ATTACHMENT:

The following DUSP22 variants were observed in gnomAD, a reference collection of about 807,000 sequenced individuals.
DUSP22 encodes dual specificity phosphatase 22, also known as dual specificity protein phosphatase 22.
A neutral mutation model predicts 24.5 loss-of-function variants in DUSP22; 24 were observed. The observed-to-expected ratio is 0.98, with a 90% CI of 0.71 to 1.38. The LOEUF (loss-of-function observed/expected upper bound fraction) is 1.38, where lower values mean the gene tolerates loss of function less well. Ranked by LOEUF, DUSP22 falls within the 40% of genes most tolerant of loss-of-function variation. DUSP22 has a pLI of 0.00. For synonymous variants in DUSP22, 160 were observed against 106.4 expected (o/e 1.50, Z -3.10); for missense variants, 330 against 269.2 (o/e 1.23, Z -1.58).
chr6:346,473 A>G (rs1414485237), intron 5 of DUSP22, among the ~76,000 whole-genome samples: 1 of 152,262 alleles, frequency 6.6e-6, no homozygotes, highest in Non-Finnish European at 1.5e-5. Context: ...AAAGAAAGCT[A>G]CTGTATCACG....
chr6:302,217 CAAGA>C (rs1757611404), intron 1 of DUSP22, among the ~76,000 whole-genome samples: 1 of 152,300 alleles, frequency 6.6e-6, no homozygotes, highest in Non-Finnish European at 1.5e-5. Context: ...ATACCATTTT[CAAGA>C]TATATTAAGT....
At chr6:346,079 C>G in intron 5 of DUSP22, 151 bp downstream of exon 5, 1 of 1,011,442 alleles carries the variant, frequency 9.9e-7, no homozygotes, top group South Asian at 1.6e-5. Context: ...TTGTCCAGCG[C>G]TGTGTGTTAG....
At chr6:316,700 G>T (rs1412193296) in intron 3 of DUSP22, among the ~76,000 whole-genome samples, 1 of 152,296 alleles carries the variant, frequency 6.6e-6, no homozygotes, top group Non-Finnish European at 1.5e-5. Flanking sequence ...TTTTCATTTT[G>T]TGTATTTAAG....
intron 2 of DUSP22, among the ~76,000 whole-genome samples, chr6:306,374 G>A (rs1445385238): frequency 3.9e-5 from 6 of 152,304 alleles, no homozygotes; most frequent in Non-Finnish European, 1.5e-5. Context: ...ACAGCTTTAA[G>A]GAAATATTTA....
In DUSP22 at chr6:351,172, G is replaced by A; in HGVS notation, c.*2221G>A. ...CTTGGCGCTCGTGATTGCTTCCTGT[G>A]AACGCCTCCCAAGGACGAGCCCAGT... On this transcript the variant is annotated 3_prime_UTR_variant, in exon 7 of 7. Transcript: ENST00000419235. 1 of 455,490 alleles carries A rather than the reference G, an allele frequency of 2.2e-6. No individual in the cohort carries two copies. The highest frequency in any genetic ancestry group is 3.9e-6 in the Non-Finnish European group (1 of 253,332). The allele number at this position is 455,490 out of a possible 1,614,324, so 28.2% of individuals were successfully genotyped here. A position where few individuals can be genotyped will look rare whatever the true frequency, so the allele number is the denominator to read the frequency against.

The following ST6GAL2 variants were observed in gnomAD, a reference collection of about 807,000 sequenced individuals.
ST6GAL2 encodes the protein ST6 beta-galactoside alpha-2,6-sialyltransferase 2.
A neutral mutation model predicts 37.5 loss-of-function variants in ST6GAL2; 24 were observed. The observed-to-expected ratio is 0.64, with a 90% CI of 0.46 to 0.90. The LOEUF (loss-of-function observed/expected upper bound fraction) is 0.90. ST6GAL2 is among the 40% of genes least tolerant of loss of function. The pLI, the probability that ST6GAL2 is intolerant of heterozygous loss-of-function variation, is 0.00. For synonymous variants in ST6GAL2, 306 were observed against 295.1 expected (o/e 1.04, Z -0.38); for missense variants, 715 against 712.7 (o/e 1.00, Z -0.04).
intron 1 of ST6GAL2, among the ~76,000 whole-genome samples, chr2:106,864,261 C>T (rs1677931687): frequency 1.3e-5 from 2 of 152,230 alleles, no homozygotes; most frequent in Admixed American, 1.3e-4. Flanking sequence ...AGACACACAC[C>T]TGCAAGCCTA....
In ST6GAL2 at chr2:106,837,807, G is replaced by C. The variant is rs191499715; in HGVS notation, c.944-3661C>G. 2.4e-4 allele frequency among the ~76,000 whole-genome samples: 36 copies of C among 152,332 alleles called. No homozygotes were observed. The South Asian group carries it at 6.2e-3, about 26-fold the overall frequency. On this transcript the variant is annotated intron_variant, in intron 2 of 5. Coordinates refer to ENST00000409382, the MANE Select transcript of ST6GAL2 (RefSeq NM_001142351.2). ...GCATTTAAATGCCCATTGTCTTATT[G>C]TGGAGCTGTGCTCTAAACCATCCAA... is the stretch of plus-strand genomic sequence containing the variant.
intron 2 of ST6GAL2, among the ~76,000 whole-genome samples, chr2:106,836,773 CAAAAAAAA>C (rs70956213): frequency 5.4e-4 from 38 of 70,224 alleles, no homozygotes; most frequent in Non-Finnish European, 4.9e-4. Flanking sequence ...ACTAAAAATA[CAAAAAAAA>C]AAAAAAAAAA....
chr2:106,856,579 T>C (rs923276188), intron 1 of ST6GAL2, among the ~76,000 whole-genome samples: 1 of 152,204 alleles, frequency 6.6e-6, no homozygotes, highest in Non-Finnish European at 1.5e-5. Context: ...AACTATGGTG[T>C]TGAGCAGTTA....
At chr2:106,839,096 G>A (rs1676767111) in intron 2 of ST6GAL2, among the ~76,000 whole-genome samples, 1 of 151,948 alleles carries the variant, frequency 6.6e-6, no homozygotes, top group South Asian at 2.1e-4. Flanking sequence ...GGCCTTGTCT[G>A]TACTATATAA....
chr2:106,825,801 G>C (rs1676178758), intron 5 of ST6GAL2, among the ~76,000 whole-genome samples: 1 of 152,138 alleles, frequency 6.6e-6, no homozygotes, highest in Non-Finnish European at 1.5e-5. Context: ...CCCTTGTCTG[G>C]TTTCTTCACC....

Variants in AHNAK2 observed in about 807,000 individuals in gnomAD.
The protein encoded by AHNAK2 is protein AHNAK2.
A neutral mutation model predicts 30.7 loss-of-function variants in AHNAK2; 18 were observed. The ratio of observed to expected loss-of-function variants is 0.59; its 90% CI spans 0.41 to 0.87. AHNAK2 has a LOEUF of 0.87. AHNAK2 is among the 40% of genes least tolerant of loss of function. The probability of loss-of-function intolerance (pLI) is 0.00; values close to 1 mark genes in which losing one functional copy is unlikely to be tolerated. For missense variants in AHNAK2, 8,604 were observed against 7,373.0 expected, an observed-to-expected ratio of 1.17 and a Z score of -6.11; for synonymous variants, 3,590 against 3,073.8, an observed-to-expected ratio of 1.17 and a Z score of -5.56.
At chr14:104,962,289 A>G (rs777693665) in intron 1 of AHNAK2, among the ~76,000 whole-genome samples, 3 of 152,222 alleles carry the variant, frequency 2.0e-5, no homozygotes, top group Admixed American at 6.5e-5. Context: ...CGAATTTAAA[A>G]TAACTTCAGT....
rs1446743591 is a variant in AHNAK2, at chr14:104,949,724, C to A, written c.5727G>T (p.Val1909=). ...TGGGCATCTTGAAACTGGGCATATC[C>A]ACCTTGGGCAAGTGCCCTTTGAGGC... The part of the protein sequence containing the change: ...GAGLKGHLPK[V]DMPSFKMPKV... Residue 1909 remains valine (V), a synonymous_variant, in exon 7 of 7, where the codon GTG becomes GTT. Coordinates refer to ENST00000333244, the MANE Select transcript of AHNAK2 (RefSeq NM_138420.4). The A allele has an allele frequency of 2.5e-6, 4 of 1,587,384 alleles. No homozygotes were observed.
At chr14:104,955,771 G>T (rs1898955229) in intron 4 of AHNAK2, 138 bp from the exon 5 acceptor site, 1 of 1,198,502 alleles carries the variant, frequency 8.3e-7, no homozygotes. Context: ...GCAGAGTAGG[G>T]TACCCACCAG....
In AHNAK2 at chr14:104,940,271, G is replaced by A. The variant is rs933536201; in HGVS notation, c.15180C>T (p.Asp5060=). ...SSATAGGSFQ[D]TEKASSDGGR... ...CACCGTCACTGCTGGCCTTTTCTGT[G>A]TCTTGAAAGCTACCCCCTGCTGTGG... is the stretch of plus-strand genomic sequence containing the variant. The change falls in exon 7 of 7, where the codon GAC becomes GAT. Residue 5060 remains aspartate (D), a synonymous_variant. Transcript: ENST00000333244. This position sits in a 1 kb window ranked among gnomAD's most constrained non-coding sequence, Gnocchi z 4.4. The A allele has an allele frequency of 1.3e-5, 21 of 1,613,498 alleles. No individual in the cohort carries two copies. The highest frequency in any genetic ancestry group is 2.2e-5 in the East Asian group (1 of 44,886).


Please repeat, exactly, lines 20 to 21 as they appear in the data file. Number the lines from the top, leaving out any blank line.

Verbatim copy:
The protein encoded by AHNAK2 is protein AHNAK2.
A neutral mutation model predicts 30.7 loss-of-function variants in AHNAK2; 18 were observed. The ratio of observed to expected loss-of-function variants is 0.59; its 90% CI spans 0.41 to 0.87. AHNAK2 has a LOEUF of 0.87. AHNAK2 is among the 40% of genes least tolerant of loss of function. The probability of loss-of-function intolerance (pLI) is 0.00; values close to 1 mark genes in which losing one functional copy is unlikely to be tolerated. For missense variants in AHNAK2, 8,604 were observed against 7,373.0 expected, an observed-to-expected ratio of 1.17 and a Z score of -6.11; for synonymous variants, 3,590 against 3,073.8, an observed-to-expected ratio of 1.17 and a Z score of -5.56.